Standing Committee F
Tuesday 14 May 2002
[Mr. Roger Gale in the Chair]
(Except Clauses 4, 19, 23, 26 to 29, 87 to 92,
131 and 134 and Schedules 1, 5 and 38)
The Chairman: Order. Before we start, there are a couple of housekeeping matters. First, hon. Members who have not already done so may, while I am in the Chair, remove their jackets. I cannot speak for Mr. Benton, who will decide whether to afford the Committee the same concession.
Secondly, would hon. members please switch off their mobile phones when they take their seats? It would be helpful if they did not ring during our proceedings.
Thirdly, there is no timetable motion, but I am reliably informed that we may complete our proceedings in time to enjoy the summer. However, there is a sittings motion and I call the Minister to move it.
The Paymaster General (Dawn Primarolo): I beg to move,
That, during proceedings on the Finance Bill (except Clauses 4, 19, 23, 26 to 29, 87 to 92, 131 and 134 and Schedules 1, 5 and 38), the Committee do meet on Tuesdays at half-past Ten o'clock and half-past Four o'clock and on Thursdays at half-past Nine o'clock and half-past Two o'clock.
Good morning, Mr. Gale. I welcome you to the Chair. I speak for the whole Committee in saying that we welcome your expertise and know that you will keep us on the straight and narrow while not allowing us, however much we may be tempted, to stray on to matters that are not strictly relevant. I know that you and Mr. Benton will have a light touch so long as the Committee conforms to required conduct.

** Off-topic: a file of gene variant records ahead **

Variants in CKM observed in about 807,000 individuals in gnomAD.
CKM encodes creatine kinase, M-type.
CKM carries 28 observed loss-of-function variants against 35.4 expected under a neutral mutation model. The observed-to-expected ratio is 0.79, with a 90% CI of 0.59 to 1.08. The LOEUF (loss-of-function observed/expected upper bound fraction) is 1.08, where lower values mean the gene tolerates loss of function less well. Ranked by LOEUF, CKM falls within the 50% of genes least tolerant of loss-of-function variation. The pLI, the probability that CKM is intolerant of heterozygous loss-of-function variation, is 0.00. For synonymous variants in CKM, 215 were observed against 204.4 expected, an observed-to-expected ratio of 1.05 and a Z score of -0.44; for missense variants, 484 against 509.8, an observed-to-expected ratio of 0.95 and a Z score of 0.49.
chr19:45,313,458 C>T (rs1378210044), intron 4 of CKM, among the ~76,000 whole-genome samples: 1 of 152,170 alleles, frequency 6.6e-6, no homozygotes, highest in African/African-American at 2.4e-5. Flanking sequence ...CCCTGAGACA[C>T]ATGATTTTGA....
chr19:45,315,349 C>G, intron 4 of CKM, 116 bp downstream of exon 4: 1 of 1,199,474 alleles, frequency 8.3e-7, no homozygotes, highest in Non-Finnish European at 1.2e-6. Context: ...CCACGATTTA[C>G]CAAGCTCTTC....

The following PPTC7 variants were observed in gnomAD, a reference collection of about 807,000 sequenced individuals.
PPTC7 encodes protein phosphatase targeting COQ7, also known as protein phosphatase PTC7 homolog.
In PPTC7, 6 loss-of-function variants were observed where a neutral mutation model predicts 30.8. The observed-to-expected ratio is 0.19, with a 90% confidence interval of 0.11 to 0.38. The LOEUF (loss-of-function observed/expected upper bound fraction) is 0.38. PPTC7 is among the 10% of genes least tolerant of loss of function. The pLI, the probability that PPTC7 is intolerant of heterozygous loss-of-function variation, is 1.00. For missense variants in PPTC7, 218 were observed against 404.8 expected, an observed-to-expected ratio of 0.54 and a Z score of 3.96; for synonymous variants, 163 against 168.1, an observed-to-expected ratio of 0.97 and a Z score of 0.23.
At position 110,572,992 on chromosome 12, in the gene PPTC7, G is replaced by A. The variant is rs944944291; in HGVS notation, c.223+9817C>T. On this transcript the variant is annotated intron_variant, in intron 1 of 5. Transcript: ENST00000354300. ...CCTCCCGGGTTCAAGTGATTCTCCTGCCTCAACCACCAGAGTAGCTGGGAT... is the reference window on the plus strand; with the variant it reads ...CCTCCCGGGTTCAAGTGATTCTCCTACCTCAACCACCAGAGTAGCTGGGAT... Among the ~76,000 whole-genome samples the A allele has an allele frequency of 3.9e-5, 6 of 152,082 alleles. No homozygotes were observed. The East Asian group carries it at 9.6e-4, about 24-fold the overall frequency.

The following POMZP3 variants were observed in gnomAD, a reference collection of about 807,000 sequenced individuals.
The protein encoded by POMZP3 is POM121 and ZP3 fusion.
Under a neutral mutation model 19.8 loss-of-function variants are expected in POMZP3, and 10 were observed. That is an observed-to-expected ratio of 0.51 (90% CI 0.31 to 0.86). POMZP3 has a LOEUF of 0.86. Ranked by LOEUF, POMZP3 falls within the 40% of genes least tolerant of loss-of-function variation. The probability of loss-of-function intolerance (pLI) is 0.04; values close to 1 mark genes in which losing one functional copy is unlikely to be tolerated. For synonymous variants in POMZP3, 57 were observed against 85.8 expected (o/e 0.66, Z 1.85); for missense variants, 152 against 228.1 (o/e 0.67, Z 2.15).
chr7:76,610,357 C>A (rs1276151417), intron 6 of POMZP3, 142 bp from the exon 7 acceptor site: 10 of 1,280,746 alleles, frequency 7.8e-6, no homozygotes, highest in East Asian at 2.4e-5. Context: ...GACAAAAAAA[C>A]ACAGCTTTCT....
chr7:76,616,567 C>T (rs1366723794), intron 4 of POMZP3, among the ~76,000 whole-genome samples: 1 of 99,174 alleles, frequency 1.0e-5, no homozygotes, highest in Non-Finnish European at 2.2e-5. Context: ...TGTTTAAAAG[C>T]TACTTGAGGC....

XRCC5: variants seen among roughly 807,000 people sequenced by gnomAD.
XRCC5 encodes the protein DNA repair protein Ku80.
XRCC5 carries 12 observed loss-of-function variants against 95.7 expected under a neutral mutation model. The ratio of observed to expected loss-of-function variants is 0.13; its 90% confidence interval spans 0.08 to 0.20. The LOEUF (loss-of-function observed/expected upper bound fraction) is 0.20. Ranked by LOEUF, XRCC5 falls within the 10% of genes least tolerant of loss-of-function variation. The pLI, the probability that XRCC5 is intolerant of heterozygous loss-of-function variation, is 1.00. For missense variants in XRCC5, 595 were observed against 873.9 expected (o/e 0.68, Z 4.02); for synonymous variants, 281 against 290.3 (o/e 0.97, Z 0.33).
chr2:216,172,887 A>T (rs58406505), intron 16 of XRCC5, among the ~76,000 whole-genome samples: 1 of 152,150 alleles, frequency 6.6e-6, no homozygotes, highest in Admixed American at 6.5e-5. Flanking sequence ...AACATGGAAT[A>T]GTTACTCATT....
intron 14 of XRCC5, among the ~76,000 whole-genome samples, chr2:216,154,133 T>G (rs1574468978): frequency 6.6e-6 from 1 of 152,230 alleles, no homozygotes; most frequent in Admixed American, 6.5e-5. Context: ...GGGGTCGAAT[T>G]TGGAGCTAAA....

I welcome the hon. Member for Buckingham (Mr. Bercow), who will lead for the Opposition. I know that he relishes the opportunity of scrutinising Government business and I look forward to the many ways in which he explains, describes and challenges it with his vast vocabulary. I know that my right hon. Friend the Financial Secretary, too, is looking forward to those discussions.
I also welcome the right hon. Member for Fylde (Mr. Jack), who is an experienced member of the Committee, having been Financial Secretary and having participated in most of our Finance Bills since 1997. I look forward to thoughtful and challenging debates with him.
The Chairman: Order. We cannot have people who are not Members in the body of the kirk. The Rope delineates the body of the Committee and perhaps the person concerned would take a seat.
Dawn Primarolo: I note that the hon. Member for Aylesbury (Mr. Lidington) has escaped the pleasure of being a member of the Committee and I put on record
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our congratulations on his new appointment as rural affairs spokesperson for the Opposition. It is his loss that he will not experience the thrilling detail of debate in this Committee.
This my sixth Finance Bill as a Minister. They run into one another and I think that I have taken part in eight—two as an Opposition Treasury spokesperson. The hon. Member for Arundel and South Downs (Mr. Flight) has participated in three and the way in which he has conducted business in the past—usually in good humour, but not always—bodes well for the Committee and our debate on the details of the Bill. I welcome the hon. Member for Kingston and Surbiton (Mr. Davey), who has been on every Finance Bill since 1997; he is an expert on many of the issues and is gathering further expertise quickly.